The application of the old sales tax (left) on a car,
versus the current goods and services tax (GST, right)

The ministry of finance has just announced that Malaysia’s goods and services tax (GST), currently set at six percent, will be zero-rated come June 1, in line with the new Pakatan Harapan government’s promise to abolish the tax within 100 days of it coming to power. This was first announced in the coalition’s manifesto for the 14th general election.

Unlike what was previously announced, this effective elimination of GST will not coincide with the introduction of a sales and service tax (SST), as outlined by Pakatan Harapan in its manifesto – instead, there will simply be no tax on goods and services until a new tax structure is announced later on. Items that have already been GST-exempt will remain as is.

UPDATE: MoF has confirmed on May 17 that SST will be back – full story here.

While the move will surely be well-received, it throws a huge curveball, especially when it comes to car prices. Automotive companies are still in the dark regarding the effects of abolishing GST in favour of SST, whether prices will go up or down – and they haven’t had a concrete answer for prospective customers.

As recently as Monday, Edaran Tan Chong Motor’s sales and marketing director Christopher Tan said that car prices might actually go up slightly if the previous 10% sales tax (which was superseded by GST) is reinstated without changes. This is due to previous experience with moving from the sales tax to GST, which saw prices go down across many brands.

Subaru and Nissan have already announced price protection schemes
to safeguard buyers against car price fluctuations

In fact, carmakers and distributors such as ETCM (Nissan) and Motor Image (Subaru) have already introduced price protection schemes that would maintain prices for a limited time should they go up post-SST, and refund buyers in the form of service vouchers should the opposite happen.

With the abolishment of GST effectively brought forward, these companies will likely have to do these adjustments in two steps – refunding buyers who booked before June, then maintaining the pre-SST prices from then on out. That is if SST is implemented within the eligibility period of the respective schemes, which for Motor Image is until August 18 – the end of the new government’s first 100 days.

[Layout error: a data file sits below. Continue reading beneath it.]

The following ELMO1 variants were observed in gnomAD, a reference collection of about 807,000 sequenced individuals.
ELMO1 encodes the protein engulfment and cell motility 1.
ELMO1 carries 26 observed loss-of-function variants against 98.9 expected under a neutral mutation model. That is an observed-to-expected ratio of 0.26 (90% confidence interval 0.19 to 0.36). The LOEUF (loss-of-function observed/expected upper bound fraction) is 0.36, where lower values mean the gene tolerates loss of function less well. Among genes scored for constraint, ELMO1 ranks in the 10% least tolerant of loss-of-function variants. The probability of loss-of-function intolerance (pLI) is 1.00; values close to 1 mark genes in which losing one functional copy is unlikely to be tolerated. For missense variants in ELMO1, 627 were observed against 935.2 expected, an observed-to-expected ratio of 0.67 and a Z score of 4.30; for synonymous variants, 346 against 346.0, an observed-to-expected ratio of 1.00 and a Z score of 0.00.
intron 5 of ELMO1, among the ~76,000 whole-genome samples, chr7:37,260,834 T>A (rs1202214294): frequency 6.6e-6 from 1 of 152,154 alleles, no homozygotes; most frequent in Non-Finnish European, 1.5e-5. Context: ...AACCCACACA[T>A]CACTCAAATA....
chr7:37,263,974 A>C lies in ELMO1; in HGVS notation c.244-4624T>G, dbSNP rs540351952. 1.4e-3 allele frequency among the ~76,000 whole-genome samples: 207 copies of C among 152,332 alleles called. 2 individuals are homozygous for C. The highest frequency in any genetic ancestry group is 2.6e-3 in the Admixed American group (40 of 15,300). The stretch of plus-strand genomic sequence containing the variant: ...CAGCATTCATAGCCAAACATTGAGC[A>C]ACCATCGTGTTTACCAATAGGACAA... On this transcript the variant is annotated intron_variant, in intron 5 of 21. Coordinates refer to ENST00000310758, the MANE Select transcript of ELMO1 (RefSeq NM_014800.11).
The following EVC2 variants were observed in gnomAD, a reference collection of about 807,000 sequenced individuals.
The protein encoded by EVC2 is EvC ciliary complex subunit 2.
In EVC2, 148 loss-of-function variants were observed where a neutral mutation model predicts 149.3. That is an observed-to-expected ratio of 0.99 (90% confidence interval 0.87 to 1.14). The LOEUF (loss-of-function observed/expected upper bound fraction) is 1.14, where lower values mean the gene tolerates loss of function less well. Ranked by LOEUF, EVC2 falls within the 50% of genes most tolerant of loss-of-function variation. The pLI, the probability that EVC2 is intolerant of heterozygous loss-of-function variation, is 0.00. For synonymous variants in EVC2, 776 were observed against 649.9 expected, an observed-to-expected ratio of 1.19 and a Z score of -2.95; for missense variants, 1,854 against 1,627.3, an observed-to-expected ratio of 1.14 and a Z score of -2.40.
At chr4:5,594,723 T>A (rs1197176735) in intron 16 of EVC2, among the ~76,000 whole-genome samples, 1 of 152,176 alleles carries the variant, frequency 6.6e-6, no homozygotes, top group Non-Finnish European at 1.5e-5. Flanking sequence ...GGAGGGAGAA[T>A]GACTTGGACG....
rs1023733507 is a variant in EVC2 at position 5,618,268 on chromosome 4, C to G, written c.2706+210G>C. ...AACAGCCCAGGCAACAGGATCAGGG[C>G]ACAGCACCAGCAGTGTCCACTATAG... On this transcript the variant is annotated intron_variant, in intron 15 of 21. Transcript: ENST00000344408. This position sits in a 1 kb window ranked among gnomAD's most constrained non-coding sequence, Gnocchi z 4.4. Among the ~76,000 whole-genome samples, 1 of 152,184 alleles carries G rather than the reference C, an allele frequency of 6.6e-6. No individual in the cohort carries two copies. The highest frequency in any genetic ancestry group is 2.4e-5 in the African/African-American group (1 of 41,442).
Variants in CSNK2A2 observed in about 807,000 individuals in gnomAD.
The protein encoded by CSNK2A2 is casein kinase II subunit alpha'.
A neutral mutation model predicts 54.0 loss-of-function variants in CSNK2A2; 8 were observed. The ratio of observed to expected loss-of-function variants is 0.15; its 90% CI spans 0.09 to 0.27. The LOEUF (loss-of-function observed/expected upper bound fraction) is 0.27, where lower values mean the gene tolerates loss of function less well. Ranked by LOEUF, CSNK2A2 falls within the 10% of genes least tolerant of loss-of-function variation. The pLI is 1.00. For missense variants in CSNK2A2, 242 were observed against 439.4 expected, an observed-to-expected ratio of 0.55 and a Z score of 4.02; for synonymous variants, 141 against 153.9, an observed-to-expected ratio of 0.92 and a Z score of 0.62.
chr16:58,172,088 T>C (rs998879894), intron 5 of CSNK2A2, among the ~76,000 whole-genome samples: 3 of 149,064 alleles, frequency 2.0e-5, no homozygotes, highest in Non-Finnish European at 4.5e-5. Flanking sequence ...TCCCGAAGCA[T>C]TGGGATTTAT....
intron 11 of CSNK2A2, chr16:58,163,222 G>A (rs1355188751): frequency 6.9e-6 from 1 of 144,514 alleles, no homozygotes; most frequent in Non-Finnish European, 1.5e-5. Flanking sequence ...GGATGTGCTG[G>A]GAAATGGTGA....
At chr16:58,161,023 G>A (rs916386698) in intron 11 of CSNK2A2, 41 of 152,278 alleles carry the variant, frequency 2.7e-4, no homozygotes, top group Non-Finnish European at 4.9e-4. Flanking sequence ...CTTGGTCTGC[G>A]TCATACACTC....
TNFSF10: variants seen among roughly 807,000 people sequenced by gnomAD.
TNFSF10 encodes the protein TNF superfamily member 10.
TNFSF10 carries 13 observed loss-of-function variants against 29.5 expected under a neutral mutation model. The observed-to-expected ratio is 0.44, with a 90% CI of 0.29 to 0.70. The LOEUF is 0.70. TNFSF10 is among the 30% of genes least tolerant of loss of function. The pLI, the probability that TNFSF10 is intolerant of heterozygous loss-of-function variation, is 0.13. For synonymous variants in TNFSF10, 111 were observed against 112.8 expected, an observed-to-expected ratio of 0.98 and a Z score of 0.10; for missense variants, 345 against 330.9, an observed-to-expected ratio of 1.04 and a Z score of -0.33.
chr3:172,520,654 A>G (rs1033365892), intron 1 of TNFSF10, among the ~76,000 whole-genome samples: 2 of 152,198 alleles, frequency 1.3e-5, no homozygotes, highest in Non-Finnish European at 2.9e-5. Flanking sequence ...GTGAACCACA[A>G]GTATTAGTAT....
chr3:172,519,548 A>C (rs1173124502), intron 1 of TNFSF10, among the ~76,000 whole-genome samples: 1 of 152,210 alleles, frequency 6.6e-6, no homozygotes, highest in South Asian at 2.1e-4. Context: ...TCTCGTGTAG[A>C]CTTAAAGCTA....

UPDATE: Story has been edited and includes the general scope of changes that will come about with the switch to 0% GST.

Whatever it is, car prices should go down on June 1 as GST is reduced to 0%, but by how much? An industry source told us earlier that buyers might not see current selling prices being exactly six percent cheaper for all brands immediately, as carmakers have paid GST all along the production and distribution process, and the tax isn’t just charged to the customer in one lump sum.

Nonetheless, the input tax that has been paid along the chain for existing inventory by the manufacturer and distributor can be claimed back from the government, and in a relatively short period at that. Thus, within a quick time frame, buyers should expect to see selling prices exactly – or close to – as that listed currently in a price list before GST is imposed.

In fact, for a short period, consumers could well be looking at a vehicle purchase with no GST and SST imposed, that is until the latter comes into effect. When SST will be reintroduced remains to be seen.

In any case, carmakers are already in the midst of calculating the revised prices without GST, and we will share them with you once they are announced, along with more details from the government as and when we get them. In the meantime, you can read in further detail on how GST affects the selling price of a car here.